By AnnaMaria Andriotis
Car loans may be getting easier to come by, but that doesn’t mean they are always a good deal.
Banks and lenders may still be reluctant to lend to all but the most creditworthy homebuyers, but they’re increasingly doling out money to consumers buying cars, including borrowers with low credit scores, according to a report today in The Wall Street Journal. These looser standards are likely responsible for the 5.7% increase in total outstanding car loans Experian reports for the second-quarter compared to a year ago.
But with many borrowers facing sky high rates, advisers say the loans are far from affordable. Indeed, while car loan interest rates for borrowers with near-perfect credit remain at around 3% on average, buyers with bad credit pay up to 10 percentage points extra, according to Experian. During the first quarter of this year, borrowers who signed up for a new car loan and had credit scores ranging from 620 to 679 received an average rate of 6.5%, while those with scores from 550 to 619 got a 9.9% average rate, and borrowers with scores below 550 signed up for a 12.9% rate on average. (Scores are based on the PLUS score range of 330 to 830.)
For the many borrowers with bad credit — nearly one-half of auto loans were subprime (that’s borrowers with a score below 680) in the first quarter, according to most recent data from Experian — “it’s hard to see how that’s a good proposition,” says Chris Kukla, senior counsel for government affairs at the Center for Responsible Lending. Buyers, after all, pay thousands of dollars extra in interest over the life of their loan. On an average $25,995 car loan, a borrower in the highest credit bracket with a 3.2% rate will pay $2,323 in interest over 64 months of repaying the loan (the average repayment period) while a borrower with a 12.9% rate will pay roughly $10,100 in interest.
Lenders counter that extending car loans to subprime borrowers is the first step to loosening credit overall standards. “It shows a sign of optimism on the part of banks and lenders,” says Robert Strand, senior economist at the American Bankers Association. Car loans present a smaller risk to banks because they’re a smaller dollar amount and are repaid over a faster period than mortgages, and if borrowers fall behind on payments repossessing a car is easier than a home, says Strand. They also present a profit opportunity given the spread between the low rates banks pay out to consumers on deposit accounts compared to the interest they earn from these loans.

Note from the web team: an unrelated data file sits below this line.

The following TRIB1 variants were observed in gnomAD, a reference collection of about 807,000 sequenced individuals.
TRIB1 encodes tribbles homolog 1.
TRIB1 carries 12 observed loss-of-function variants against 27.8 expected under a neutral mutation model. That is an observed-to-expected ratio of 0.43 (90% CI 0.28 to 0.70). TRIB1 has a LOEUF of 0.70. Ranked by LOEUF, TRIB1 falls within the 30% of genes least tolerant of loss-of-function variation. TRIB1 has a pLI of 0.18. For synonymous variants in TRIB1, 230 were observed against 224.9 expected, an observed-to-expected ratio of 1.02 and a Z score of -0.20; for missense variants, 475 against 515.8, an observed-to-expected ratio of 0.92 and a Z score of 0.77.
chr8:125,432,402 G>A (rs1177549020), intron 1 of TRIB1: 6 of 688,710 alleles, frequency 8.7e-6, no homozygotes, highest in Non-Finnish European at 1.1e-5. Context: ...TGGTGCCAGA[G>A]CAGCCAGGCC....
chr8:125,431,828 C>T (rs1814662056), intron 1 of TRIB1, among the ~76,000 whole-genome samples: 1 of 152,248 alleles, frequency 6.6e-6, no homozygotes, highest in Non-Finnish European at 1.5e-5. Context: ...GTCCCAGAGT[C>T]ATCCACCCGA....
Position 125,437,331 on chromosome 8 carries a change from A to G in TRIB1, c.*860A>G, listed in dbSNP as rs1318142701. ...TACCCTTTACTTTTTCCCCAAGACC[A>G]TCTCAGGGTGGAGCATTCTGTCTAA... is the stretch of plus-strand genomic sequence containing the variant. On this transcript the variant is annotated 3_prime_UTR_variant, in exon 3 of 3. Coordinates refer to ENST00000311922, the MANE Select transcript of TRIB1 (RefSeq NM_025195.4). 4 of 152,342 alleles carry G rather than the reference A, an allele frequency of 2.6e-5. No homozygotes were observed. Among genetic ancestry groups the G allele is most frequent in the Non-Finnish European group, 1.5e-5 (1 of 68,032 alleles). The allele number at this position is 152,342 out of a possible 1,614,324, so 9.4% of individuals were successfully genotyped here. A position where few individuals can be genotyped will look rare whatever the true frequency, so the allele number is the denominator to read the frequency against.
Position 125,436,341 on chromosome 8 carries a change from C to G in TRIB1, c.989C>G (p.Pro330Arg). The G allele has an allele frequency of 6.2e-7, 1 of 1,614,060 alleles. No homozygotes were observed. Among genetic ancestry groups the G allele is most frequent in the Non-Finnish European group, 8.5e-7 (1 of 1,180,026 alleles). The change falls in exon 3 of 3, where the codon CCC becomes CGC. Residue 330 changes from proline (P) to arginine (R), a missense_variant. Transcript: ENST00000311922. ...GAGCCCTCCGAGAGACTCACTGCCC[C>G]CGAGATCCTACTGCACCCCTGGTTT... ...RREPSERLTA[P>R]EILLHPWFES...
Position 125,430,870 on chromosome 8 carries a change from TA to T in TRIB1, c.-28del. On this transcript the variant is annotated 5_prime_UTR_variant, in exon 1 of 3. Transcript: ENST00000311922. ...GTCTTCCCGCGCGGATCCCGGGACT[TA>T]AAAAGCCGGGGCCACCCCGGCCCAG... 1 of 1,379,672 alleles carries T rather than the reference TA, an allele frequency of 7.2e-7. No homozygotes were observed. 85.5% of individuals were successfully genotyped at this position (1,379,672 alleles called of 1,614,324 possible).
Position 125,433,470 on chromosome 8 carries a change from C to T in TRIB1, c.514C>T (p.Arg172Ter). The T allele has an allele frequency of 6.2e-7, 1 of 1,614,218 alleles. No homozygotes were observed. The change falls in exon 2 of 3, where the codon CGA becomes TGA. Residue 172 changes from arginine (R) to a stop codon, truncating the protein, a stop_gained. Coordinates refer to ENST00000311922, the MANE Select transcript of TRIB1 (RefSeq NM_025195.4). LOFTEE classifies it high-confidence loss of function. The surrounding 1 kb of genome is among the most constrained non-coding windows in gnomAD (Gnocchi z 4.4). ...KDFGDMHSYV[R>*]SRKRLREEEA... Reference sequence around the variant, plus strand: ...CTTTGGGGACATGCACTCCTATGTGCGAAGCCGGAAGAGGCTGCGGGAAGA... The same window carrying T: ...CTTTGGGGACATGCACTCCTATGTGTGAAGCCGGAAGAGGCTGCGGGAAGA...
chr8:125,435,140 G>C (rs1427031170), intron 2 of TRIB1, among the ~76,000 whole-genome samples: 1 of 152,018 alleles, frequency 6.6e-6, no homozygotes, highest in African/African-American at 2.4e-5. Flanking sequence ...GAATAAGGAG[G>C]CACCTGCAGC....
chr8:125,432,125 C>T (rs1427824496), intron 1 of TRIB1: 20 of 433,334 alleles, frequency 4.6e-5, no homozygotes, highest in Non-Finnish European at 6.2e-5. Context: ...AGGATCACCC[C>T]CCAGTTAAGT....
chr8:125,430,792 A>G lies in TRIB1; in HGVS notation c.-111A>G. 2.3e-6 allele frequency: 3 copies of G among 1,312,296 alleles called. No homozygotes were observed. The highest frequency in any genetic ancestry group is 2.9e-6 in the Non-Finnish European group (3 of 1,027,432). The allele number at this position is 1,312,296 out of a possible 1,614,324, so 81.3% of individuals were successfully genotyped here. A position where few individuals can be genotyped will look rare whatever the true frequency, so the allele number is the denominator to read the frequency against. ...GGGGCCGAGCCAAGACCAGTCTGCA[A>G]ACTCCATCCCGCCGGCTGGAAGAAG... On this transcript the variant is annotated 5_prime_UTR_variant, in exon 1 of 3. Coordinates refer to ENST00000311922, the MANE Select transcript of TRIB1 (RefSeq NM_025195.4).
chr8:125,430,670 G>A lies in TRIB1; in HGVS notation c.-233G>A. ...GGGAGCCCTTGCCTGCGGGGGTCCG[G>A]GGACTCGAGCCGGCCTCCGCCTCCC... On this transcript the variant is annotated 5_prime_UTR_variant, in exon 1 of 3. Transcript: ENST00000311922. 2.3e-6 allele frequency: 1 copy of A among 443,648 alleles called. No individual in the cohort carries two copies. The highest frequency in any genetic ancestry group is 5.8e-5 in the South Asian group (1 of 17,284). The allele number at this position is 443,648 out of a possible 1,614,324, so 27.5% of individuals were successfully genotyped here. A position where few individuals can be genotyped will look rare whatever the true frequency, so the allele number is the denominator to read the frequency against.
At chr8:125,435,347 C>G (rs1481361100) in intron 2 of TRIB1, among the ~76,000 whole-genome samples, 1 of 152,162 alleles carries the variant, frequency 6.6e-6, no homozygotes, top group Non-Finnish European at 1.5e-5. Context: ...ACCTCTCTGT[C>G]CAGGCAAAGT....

Borrowers with high credit scores have several opportunities to save on car loans. Lender rates remain affordable at around 3% on average, according to Experian. In addition, they can qualify for rates of 0% to 1% at dealerships on many car models. For everyone else, here are four strategies to get a better deal on an auto loan.
Get approved for a loan before arriving at the dealership. Consumers with poor credit who need a new car might want to shop around for loans first and the cars second. Banks and credit unions tend to offer lower rates to these borrowers, says Alec Gutierrez, senior market analyst for automotive insights at Kelley Blue Book. When dealerships give out car loans, they often get them from banks and tack on an extra one to two percentage points that they keep as profit, Gutierrez says.
Wait until the fall. Borrowers who decide to go with a dealership may find it pays to wait. In September and October, most 2013 models will arrive at dealerships, and they’ll roll out incentives to unload the remaining 2012 models, which could include lower rates on car loans. Borrowers with low credit scores could end up with a rate that’s one to two percentage points lower than what they’d get now, Gutierrez says.
Make a larger down payment. Just like a mortgage, larger down payments often result in lower interest on car loans. Borrowers who have extra cash on hand should ask how their rate will change if they put more money down than they originally offered, or if they’re planning on selling their existing car, they can trade it in at the dealership and use its value as part of the down payment on the new car, says Thomas King, a senior director who tracks vehicle sales transactions at J.D. Power and Associates.
Bite the bullet…and then refinance. Whatever rate they get, borrowers should keep in mind that it’s not set in stone. If they’re able to improve their credit score, they can refinance into a lower rate. Most banks and credit unions refinance car loans. And unlike refinancing mortgages, borrowers don’t incur hefty fees when refinancing a car loan.